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More than a finger on the pulse

SMARTHEART TEACHER. Heart and ECG monitor with software. Pounds 99.95 plus VAT. SMARTHEART PLUS. Version with extra features. Pounds 295 plus VAT Both for multimedia PC. Age range: 15-plus Guildsoft, The Software Centre, Lee Mill Industrial Estate, Ivybridge, PL21 9PE.

SIMNERV. CD-Rom for multimedia PC or Apple computers, 98 Deutschmark Age range:16-plus Georg Thieme Verlag, Rudigerstr. 14 D-70469 Stuttgart

Want to play doctors anyone? Well, here is a kit where you can plug yourself into the computer and really see how your heart ticks. It's not everyone's idea of a game, but it is at least easy and painless.

You just put a belt around your chest, connect it to a wallet-sized box and then to the serial port of the computer. When you start the SmartHeart Teacher software, you'll immediately see your heart rate and your electrocardiogram - a graph of the electrical activity in your heart. If your legs haven't turned to jelly yet, you can jog on the spot and see how things change.

Fortunately, I think, you will not learn if there's anything wrong with you because this isn't a professional "12-lead" ECG system. But instead, you can learn how to look after your heart, and it works by using the SmartHeart CD-Rom in the pack.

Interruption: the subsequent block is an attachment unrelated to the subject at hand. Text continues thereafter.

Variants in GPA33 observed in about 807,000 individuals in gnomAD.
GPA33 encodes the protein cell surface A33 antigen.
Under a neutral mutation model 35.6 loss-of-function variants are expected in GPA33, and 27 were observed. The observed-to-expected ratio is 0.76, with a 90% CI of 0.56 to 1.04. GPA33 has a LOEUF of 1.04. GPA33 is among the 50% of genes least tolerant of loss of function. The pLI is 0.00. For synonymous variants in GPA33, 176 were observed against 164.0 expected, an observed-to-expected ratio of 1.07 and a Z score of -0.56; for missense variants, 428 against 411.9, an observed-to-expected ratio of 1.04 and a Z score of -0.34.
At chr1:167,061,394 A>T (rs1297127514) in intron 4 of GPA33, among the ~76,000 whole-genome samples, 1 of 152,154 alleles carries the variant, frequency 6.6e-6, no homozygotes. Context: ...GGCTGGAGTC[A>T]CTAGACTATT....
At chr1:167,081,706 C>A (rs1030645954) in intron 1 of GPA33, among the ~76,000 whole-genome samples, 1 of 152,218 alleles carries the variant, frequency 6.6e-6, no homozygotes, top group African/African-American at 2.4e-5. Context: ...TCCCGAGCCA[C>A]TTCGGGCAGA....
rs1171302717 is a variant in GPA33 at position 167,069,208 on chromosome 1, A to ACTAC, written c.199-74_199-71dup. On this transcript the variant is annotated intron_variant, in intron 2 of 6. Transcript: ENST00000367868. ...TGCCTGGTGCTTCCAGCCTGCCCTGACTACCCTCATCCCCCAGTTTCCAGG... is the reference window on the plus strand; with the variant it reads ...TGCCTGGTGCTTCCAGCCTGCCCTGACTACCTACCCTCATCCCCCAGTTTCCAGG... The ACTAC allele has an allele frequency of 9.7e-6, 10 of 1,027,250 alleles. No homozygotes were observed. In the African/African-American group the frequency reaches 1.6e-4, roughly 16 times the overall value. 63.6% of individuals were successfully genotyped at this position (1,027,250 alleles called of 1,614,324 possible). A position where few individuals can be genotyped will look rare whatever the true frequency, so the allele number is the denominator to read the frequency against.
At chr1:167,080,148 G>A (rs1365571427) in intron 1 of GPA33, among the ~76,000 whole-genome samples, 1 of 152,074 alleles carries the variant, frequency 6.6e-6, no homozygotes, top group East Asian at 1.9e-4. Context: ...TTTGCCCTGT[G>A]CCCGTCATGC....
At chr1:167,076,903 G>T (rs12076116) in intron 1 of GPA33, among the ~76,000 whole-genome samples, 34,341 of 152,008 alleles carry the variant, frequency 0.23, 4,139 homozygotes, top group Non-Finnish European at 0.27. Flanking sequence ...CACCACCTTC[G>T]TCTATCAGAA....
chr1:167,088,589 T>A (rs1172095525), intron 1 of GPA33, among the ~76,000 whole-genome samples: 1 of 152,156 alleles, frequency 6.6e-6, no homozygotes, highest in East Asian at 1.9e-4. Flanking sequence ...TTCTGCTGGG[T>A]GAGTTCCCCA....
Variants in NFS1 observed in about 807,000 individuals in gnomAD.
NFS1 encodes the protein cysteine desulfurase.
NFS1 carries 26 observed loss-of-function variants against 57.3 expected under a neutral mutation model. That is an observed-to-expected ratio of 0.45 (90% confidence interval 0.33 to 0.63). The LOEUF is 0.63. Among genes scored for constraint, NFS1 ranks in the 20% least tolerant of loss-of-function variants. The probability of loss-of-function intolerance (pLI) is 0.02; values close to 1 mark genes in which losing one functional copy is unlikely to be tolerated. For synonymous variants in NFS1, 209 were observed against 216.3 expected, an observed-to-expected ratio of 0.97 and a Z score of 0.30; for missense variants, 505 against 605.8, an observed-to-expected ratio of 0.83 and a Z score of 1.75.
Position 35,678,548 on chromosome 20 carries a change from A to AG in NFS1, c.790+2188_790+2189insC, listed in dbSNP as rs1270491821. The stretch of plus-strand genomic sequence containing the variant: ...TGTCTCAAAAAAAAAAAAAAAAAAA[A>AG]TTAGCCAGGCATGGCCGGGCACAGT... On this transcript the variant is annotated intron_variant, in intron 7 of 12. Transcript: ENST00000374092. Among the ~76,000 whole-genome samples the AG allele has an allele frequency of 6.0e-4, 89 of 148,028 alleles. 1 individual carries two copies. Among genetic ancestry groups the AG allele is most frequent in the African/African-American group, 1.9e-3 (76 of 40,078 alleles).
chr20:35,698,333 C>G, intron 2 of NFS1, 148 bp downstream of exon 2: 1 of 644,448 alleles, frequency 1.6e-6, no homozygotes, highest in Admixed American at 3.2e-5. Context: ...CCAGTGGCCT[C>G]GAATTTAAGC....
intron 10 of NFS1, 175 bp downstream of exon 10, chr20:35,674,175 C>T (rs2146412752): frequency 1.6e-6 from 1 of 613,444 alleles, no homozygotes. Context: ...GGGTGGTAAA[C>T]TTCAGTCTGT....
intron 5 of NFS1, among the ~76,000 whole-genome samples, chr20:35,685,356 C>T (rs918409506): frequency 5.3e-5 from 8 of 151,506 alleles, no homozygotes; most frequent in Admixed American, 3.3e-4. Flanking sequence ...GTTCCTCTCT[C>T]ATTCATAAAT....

It's an average-quality "picture book" tutorial which most GCSE students could handle, though once they delve into its details it's much harder going.

A similar, more expensive package called SmartHeart Plus allows a medic to keep patient records and do more detailed monitoring. But given that the ECG isn't a major school topic, the SmartHeart Teacher package will be good enough here. It makes teaching about the heart cycle a touch more real, and the fair price puts it within easy reach.

Now if that is squeamish, do you remember the frog you sacrificed in biology? And remember the screams when someone waved its entrails under the nose of your classmates?

Well, all that carnage and perverse fun comes to an end with Simnerv. It's a program about the "sciatic nerve experiment", where you take a frog's nerve and "jazz" it with electricity. Here in this "virtual laboratory", the experiment happens on screen, and you have a storage oscilloscope and all the buttons you'd want.

You mouse-click on the stimulator and give the nerve different amounts of electricity. You can easily show how the nerve responds when you stimulate it. Or show how fast a nerve conducts and how long it takes to recover (the refractory period). And, because biologists do these sorts of things, you can tie string around the nerve and see its effect.

The program even includes film showing a frog being guillotined and prepared. Yes, it is awful, as are the rough edges on this program and its accompanying notes, but the idea behind this world's first "snuff" CD-Rom is excellent.

It's a rare example of a computer model and it makes some difficult college experiments very accessible. And it's very good news for frogs.

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